According to the Science and Engineering Indicators 2012, gathered by the National Science Board (NSB) under the auspice of the NSF,13 the corporate sector is by far the largest performer and funder of R&D in the US. In 2009, the corporate sector performed 71% of the US total of R&D support, while funding 62%. The 2012 indicators also show a decreasing trend in federal funding of R&D. The federal government was the largest funding source of R&D in 1967, constituting 67% of the national total. In 1979, however, that percentage had already been cut by half, reaching 25% in 2000 (NSB 2012, pp. 4–13). Looking at the trend in funding sources for R&D since 1953 (Figure 4), it becomes clear that federal funding of scientific research has been replaced by the corporate sector in the past decades, supporting the idea that a new regime of science organization, led by the commercialization and privatization of research, has been emerging since the late 1970s and early 1980s.
Moreover, the commercialization of science is evident not only in the percentage of corporate funding and performance of R&D, but also in the focus on applied research and development, and the move away from basic research. Although the academic sector remains the first performer of basic research (53% of the total in 2009), this type of research constitutes only the 19% of R&D performed in the US. The corporate sector has become the main performer and funder of both applied research, which constitutes 18% of total R&D performance, and development, which is by far the largest component of R&D in the US with 63% of total R&D performance (2012, p. 4-4). As one would expect, the focus on basic research proper of the Cold War has been replaced by applied R&D, as the private sector plays a bigger role as funder and performer of scientific research.14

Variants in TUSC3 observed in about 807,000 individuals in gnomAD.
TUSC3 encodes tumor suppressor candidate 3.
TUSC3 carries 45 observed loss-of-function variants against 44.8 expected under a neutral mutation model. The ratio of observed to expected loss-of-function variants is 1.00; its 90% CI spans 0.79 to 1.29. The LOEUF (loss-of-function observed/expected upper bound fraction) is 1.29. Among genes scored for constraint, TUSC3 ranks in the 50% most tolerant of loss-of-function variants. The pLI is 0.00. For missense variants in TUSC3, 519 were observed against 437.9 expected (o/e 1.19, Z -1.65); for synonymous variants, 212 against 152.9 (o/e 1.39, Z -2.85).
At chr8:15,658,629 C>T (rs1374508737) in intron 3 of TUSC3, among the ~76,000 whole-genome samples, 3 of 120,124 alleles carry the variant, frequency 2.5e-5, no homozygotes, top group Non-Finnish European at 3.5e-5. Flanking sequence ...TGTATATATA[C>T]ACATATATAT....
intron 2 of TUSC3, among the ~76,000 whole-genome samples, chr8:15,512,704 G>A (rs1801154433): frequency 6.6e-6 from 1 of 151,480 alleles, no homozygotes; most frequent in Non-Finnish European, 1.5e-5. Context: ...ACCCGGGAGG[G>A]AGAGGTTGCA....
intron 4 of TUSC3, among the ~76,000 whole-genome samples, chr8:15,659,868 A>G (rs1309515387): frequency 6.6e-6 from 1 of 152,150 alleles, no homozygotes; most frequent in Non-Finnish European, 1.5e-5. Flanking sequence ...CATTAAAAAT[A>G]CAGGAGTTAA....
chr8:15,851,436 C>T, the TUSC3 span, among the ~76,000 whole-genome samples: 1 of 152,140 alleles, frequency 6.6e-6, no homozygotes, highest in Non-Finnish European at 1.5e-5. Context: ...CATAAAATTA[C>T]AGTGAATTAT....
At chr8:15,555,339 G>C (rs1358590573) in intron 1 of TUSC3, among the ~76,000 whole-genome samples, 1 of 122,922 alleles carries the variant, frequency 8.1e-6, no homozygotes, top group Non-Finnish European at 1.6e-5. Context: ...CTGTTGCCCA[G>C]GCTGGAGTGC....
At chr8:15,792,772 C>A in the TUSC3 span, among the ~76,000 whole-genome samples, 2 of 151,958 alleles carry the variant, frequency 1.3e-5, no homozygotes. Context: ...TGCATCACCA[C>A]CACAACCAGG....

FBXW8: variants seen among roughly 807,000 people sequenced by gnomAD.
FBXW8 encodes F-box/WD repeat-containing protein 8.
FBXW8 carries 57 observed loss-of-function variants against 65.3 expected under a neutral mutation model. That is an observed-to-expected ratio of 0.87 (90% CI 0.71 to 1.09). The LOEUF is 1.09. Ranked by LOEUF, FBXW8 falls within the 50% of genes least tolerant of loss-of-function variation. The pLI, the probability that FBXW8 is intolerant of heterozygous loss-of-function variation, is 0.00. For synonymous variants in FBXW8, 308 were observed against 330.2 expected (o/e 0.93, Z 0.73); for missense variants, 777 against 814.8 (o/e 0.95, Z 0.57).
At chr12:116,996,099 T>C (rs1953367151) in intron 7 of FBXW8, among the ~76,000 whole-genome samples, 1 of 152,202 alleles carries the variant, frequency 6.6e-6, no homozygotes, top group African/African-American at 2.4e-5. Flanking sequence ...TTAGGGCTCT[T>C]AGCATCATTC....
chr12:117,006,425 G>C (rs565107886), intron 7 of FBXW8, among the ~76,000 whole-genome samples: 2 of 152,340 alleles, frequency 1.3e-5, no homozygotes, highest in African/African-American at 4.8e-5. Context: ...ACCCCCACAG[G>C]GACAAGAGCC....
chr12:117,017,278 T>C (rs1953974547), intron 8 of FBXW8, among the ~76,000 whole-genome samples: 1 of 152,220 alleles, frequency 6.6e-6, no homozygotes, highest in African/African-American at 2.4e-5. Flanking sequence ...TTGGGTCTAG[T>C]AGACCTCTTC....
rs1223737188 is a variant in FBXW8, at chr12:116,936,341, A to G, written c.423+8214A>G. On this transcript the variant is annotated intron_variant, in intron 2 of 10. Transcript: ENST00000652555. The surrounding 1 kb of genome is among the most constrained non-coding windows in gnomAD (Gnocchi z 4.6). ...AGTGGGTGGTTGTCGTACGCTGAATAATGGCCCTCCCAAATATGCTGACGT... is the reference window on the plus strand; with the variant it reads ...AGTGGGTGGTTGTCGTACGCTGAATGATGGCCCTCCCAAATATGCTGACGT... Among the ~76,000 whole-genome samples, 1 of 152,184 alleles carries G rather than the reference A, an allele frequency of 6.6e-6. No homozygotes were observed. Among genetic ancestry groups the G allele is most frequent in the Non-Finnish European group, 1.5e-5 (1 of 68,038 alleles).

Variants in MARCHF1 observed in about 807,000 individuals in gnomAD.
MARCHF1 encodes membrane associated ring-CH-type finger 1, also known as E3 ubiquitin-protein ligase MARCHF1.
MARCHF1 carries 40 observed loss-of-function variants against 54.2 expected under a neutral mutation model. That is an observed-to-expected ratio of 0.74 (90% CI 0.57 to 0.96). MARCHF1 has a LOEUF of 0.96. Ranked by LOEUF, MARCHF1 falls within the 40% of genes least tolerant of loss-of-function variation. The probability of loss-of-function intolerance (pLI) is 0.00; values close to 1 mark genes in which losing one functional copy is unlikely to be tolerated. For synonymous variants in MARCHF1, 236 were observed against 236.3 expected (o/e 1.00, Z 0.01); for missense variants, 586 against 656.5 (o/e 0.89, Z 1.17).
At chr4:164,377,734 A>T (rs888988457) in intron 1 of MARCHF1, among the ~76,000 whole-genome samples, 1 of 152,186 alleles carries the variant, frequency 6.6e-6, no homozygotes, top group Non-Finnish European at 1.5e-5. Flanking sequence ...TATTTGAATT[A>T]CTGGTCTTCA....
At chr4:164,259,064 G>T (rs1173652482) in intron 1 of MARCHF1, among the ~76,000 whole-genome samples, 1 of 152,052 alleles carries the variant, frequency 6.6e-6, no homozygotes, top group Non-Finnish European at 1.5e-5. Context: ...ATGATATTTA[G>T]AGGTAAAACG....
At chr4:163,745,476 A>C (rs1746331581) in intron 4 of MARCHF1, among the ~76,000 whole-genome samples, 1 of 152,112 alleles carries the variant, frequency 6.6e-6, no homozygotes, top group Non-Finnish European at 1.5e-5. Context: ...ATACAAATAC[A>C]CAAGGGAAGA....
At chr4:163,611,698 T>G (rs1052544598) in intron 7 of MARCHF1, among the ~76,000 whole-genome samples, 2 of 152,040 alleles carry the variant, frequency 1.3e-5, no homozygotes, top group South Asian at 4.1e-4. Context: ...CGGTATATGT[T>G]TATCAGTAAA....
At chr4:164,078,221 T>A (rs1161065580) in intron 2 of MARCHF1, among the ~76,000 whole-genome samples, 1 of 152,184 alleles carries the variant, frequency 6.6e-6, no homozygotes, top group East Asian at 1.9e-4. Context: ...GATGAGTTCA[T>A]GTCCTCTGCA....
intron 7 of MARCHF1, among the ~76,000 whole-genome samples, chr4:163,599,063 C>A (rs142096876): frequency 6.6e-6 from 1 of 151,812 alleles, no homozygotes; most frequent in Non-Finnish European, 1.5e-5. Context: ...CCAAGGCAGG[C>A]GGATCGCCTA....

4.2. How Commercialization Affects Science “Internally”
Granted that there have been important structural changes in science organization during the last decades, I argue that these changes are affecting not only the external organization of research (i.e., lines of research funded, type of applications, etc.), but also the more internal aspects of research (i.e., peer review, experiment design, data collection and interpretation, etc.). Let me give two examples to illustrate this point: the case of publication planning firms and the “funding effect.”